Can I apply for a replacement set of my great uncle's medals?

#41
Well repros now would make a nice set as the recently issued set will be recently minted and look as genuine!l
That's what I was thinking. I'm going to let my credit card take the hit and buy good quality replicas. Then make a trip to Kew to get copies of his citations.
 

overopensights

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#44
Well Done, your perseverance certainly paid off.
I have just replaced some Naval Medals and an OBE (Not Mine) , I used 'Worcester Medal Service.' they're not expensive, and they're very helpful. They are by Royal Appointment' therefore they get it right. They will also engrave the No Rk and Name. They will quote you over the telephone. With a set like that I would consider Court Mounting?
 
#45
Well Done, your perseverance certainly paid off.
I have just replaced some Naval Medals and an OBE (Not Mine) , I used 'Worcester Medal Service.' they're not expensive, and they're very helpful. They are by Royal Appointment' therefore they get it right. They will also engrave the No Rk and Name. They will quote you over the telephone. With a set like that I would consider Court Mounting?
Not sure why the disagree from @Accidental_discharge, possibly because the Navy medals are traditionally swing mounted? I've been looking at Worcester Medals and will give them a bell tomorrow. Its going to be a fairly sharp pain in the wallet - that DSO is 200 quid on its own!
 

overopensights

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#46
Not sure why the disagree from @Accidental_discharge, possibly because the Navy medals are traditionally swing mounted? I've been looking at Worcester Medals and will give them a bell tomorrow. Its going to be a fairly sharp pain in the wallet - that DSO is 200 quid on its own!
My opinion comes from the fact that we have a 'once a week' Vets Breakfast Club, eighteen of us. We had a dinner night last year and the members medals were 'disgusting' I did the whole of them, some wanted remounting, some were the wrong order and others missing. I did them all via 'Worcestershire Medals' They really did me proud. Good luck with it, I think you will be pleasantry surprised regarding cost. An absolute perfect copy of a DSO from them is £57.00 plus an extra tenner for inscription.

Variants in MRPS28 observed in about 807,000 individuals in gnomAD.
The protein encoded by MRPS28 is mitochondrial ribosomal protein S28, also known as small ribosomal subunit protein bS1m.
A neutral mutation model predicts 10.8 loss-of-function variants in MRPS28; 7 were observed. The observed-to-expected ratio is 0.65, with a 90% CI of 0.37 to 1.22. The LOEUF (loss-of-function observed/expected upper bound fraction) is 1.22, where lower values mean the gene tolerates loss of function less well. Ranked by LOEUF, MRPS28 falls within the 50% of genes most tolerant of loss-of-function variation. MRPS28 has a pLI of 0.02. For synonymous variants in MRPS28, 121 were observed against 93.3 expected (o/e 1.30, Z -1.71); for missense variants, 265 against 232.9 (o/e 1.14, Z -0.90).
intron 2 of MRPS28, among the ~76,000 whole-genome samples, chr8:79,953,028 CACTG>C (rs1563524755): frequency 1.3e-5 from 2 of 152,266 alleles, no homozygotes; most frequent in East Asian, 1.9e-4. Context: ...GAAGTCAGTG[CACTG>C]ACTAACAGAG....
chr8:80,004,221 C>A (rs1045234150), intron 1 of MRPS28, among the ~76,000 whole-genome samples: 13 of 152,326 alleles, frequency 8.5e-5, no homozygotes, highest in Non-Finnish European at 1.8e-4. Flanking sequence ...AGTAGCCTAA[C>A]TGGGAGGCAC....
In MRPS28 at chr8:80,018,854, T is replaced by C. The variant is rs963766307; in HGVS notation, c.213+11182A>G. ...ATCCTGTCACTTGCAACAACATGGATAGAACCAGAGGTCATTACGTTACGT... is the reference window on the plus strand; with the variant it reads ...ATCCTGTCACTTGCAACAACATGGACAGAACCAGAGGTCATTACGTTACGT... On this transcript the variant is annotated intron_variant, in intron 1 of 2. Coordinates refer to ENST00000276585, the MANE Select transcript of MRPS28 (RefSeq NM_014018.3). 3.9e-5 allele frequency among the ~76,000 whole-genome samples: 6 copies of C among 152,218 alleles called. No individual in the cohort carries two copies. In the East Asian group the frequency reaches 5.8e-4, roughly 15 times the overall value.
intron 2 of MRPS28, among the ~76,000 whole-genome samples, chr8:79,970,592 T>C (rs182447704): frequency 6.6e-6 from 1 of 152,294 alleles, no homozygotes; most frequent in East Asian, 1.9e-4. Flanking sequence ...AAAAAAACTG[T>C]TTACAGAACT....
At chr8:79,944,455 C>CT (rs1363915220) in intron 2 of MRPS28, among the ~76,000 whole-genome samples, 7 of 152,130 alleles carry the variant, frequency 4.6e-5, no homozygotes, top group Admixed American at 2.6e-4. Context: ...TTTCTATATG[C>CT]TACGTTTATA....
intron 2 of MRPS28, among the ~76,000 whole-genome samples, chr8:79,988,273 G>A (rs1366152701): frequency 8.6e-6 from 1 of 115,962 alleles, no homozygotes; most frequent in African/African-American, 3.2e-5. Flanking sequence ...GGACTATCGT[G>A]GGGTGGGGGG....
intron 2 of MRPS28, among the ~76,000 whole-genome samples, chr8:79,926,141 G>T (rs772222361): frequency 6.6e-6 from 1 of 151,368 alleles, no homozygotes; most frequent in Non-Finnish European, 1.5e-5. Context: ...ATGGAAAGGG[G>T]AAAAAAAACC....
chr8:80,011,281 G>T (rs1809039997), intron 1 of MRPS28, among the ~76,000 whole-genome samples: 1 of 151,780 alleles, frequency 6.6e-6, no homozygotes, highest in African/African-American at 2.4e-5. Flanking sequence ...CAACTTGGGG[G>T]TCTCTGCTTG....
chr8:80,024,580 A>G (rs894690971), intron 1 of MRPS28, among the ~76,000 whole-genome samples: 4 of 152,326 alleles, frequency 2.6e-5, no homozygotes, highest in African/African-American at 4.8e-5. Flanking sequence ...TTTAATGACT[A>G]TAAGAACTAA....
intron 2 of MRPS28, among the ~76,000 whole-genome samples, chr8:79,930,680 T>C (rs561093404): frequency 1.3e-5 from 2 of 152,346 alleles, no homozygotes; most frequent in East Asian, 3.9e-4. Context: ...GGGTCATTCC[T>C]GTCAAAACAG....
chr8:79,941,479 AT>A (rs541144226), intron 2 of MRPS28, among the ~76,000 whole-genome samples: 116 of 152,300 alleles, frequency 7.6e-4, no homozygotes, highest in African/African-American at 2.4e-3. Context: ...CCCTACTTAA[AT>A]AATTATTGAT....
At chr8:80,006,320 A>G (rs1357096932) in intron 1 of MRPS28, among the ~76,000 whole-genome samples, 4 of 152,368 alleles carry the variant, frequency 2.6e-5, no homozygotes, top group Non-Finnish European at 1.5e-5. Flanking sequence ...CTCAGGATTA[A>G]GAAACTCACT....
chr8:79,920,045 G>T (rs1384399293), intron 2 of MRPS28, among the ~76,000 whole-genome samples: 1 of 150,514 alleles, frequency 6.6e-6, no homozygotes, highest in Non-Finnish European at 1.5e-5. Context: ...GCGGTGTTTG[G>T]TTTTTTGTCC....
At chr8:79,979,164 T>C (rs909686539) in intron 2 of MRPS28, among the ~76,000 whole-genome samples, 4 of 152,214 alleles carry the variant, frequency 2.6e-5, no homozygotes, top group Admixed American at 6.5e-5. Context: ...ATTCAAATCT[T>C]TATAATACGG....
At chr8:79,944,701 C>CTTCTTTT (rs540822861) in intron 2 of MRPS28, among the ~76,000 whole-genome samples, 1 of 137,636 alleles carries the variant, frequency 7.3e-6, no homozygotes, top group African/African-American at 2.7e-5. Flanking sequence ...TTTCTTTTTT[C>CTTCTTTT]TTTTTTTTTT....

ExREME..TECH

On ROPS
On ROPs
#47
My opinion comes from the fact that we have a 'once a week' Vets Breakfast Club, eighteen of us. We had a dinner night last year and the members medals were 'disgusting' I did the whole of them, some wanted remounting, some were the wrong order and others missing. I did them all via 'Worcestershire Medals' They really did me proud. Good luck with it, I think you will be pleasantry surprised regarding cost.
where are you?
 
#48
My opinion comes from the fact that we have a 'once a week' Vets Breakfast Club, eighteen of us. We had a dinner night last year and the members medals were 'disgusting' I did the whole of them, some wanted remounting, some were the wrong order and others missing. I did them all via 'Worcestershire Medals' They really did me proud. Good luck with it, I think you will be pleasantry surprised regarding cost. An absolute perfect copy of a DSO from them is £57.00 plus an extra tenner for inscription.
Are you sure? That seems to be the price for a miniature. Full size is £208.56!

Worcestershire Medal Service Limited
 

overopensights

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#49

overopensights

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#50
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#51
Not sure why the disagree from @Accidental_discharge, possibly because the Navy medals are traditionally swing mounted? I've been looking at Worcester Medals and will give them a bell tomorrow. Its going to be a fairly sharp pain in the wallet - that DSO is 200 quid on its own!